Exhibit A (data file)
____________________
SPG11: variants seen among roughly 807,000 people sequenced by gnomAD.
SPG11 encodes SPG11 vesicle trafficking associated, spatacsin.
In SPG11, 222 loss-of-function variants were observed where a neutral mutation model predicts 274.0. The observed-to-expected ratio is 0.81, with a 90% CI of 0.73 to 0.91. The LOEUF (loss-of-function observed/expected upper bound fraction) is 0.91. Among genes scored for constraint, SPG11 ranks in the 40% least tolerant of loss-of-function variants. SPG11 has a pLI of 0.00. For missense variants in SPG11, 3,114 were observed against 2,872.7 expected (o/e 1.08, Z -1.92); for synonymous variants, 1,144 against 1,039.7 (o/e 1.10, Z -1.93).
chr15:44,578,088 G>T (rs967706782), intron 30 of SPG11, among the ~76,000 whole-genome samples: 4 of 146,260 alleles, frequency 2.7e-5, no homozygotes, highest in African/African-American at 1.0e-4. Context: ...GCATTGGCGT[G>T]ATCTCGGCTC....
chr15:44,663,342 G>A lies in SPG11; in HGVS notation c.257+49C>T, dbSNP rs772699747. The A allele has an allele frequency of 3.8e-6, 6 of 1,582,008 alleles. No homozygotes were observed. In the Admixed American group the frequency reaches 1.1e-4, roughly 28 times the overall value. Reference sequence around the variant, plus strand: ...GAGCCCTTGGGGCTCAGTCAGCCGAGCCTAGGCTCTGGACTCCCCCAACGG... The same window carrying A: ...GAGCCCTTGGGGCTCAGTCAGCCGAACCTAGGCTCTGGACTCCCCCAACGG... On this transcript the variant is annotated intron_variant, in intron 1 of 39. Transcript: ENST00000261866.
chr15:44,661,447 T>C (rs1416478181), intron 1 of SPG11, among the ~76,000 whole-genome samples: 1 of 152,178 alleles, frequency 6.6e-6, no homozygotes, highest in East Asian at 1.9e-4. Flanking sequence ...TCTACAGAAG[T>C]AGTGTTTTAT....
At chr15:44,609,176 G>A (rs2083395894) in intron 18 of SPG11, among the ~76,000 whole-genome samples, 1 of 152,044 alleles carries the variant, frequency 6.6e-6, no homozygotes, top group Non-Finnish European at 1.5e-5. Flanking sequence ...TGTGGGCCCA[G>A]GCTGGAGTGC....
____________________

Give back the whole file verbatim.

SPG11: variants seen among roughly 807,000 people sequenced by gnomAD.
SPG11 encodes SPG11 vesicle trafficking associated, spatacsin.
In SPG11, 222 loss-of-function variants were observed where a neutral mutation model predicts 274.0. The observed-to-expected ratio is 0.81, with a 90% CI of 0.73 to 0.91. The LOEUF (loss-of-function observed/expected upper bound fraction) is 0.91. Among genes scored for constraint, SPG11 ranks in the 40% least tolerant of loss-of-function variants. SPG11 has a pLI of 0.00. For missense variants in SPG11, 3,114 were observed against 2,872.7 expected (o/e 1.08, Z -1.92); for synonymous variants, 1,144 against 1,039.7 (o/e 1.10, Z -1.93).
chr15:44,578,088 G>T (rs967706782), intron 30 of SPG11, among the ~76,000 whole-genome samples: 4 of 146,260 alleles, frequency 2.7e-5, no homozygotes, highest in African/African-American at 1.0e-4. Context: ...GCATTGGCGT[G>T]ATCTCGGCTC....
chr15:44,663,342 G>A lies in SPG11; in HGVS notation c.257+49C>T, dbSNP rs772699747. The A allele has an allele frequency of 3.8e-6, 6 of 1,582,008 alleles. No homozygotes were observed. In the Admixed American group the frequency reaches 1.1e-4, roughly 28 times the overall value. Reference sequence around the variant, plus strand: ...GAGCCCTTGGGGCTCAGTCAGCCGAGCCTAGGCTCTGGACTCCCCCAACGG... The same window carrying A: ...GAGCCCTTGGGGCTCAGTCAGCCGAACCTAGGCTCTGGACTCCCCCAACGG... On this transcript the variant is annotated intron_variant, in intron 1 of 39. Transcript: ENST00000261866.
chr15:44,661,447 T>C (rs1416478181), intron 1 of SPG11, among the ~76,000 whole-genome samples: 1 of 152,178 alleles, frequency 6.6e-6, no homozygotes, highest in East Asian at 1.9e-4. Flanking sequence ...TCTACAGAAG[T>C]AGTGTTTTAT....
At chr15:44,609,176 G>A (rs2083395894) in intron 18 of SPG11, among the ~76,000 whole-genome samples, 1 of 152,044 alleles carries the variant, frequency 6.6e-6, no homozygotes, top group Non-Finnish European at 1.5e-5. Flanking sequence ...TGTGGGCCCA[G>A]GCTGGAGTGC....